The year started great for me, making me wonder if President Benigno Simeon Aquino 3rd was right after all in predicting a better life for us.
What caused my excitement? Well, it was the email I received from a certain Mrs. Akilah Saeedi telling me that I’ll be inheriting $500 million from a relative in Burkina Faso. Dollar signs must have registered on my eyes as I eagerly read Saeedi’s email about the huge amount left behind by my uncle, Engineer R. Charles.
Hey, wait a minute! How come my Ilocano parents had never told me about our relatives in Africa? Ah, but who cares? What really mattered was that I’m heir to the $500 million left behind by Uncle R. Charles. For $500 million, I’m willing to be a relative of any person.
She told me that she was writing on behalf of the trustees and executor of the estate of my late uncle. I guess I’m like the person who’s willing to be beaten black and blue by Manny Pacquiao for $5 million. But in this case, I won’t be beaten to a pulp—and the amount is 100 times that of $5 million.
Many people who become rich suddenly find themselves having hundreds of “relatives” that they had never met or known. Now, here’s a deceased rich person, Engr. R. Charles, who’s looking for a relative, me, to bequeath with $500 million. I’ve never met Uncle R. Charles but I sure would want to meet that $500 million.
Hello and goodbye to millions!
The note from Akilah Saeedi said I should contact her for more details at her email address “akilah saeedi1@ outlook.com.” It also said that the information given me was privileged or confidential. “If you have received this electronic mail transmission in error, please delete it from your system without copying or forwarding it, and notify the sender of the error by reply email or by telephone (collect) so that the sender’s address can be corrected.” Wow! How transparent! Akilah Saeedi sounded like a presidential spokesman defending a Palace error.
Saeedi must be somebody so I googled her name. Well, well, well. Out came various reports of Internet scams involving her — and out, too, came my dreams of receiving millions. Suddenly I felt like those persons who had hoped that President BS Aquino would provide a better life for the country only to find that he’s actually too uncaring, too insensitive, and too incompetent to do so.
Ah, but hope springs eternal. Another source of hope for me was an email last week from a certain Mr. S. Andrew of the OIC Group with offices in Hangzhou, China, and in Westminster, London, asking me to be his company’s representative in the Philippines. He claimed that the OIC Group is a $175-million integrated group of dynamic businesses engaged in the development, manufacture and distribution of intermediates for Personal Care, Household Care and Industrial applications. Now, that’s very impressive, like the description of BS Aquino as presidential candidate.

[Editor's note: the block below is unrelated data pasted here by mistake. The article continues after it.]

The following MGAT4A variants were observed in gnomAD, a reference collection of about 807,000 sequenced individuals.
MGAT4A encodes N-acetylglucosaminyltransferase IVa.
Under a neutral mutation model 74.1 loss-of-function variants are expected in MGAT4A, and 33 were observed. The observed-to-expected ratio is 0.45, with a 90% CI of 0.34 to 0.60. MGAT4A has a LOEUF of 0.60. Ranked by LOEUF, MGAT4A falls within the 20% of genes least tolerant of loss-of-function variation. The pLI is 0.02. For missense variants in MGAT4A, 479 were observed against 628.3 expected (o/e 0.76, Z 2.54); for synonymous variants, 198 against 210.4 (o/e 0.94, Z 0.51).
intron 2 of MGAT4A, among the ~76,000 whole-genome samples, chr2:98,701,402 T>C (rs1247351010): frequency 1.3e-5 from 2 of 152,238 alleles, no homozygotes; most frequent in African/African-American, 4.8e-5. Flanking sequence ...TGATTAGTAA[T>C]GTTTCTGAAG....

All I have to do, according to Andrew, is receive payments from their clients. Such payment, according to him, will come as Local Transfers and Wire Transfers, paid directly to my bank account. “This saves you time and better organise the process,” he explained. For this simple and part-time job, I’ll get a monthly salary of US$3,500, that’s about P155,000, to be paid on the 28th of every month, plus a 10-percent commission on every payment.
I’ve never received that much monthly salary in my whole life. And there’s commission to boot! I imagined myself to be at par with executives of government-owned and controlled corporations receiving hefty bonuses and commission for part-time work, and with CCT beneficiaries doing virtually nothing. If I’ll be included in a survey, I’ll give OIC Group my highest trust and approval.
Pies in the sky
Andrew said I’d start receiving payments as soon as my application is approved. I’m required to open a bank account with RCBC or RCBC Savings Bank, and give OIC Group my bank account number. This requirement immediately raised a red flag. It dawned on me that despite its impressive self-description which turned out to be fiction, and its huge promises which turned out to be empty, OIC Group is actually out to fleece unsuspecting victims. Shades of the Aquino administration!
Well, I have stopped dreaming of promised millions that are actually pies in the sky. The comparison of those scammers with the administration has made me more of a realist. I’ll just content myself with my honorarium as Manila Times columnist, my income as a farmer, and my monthly pension as a retiree, meager as they may be.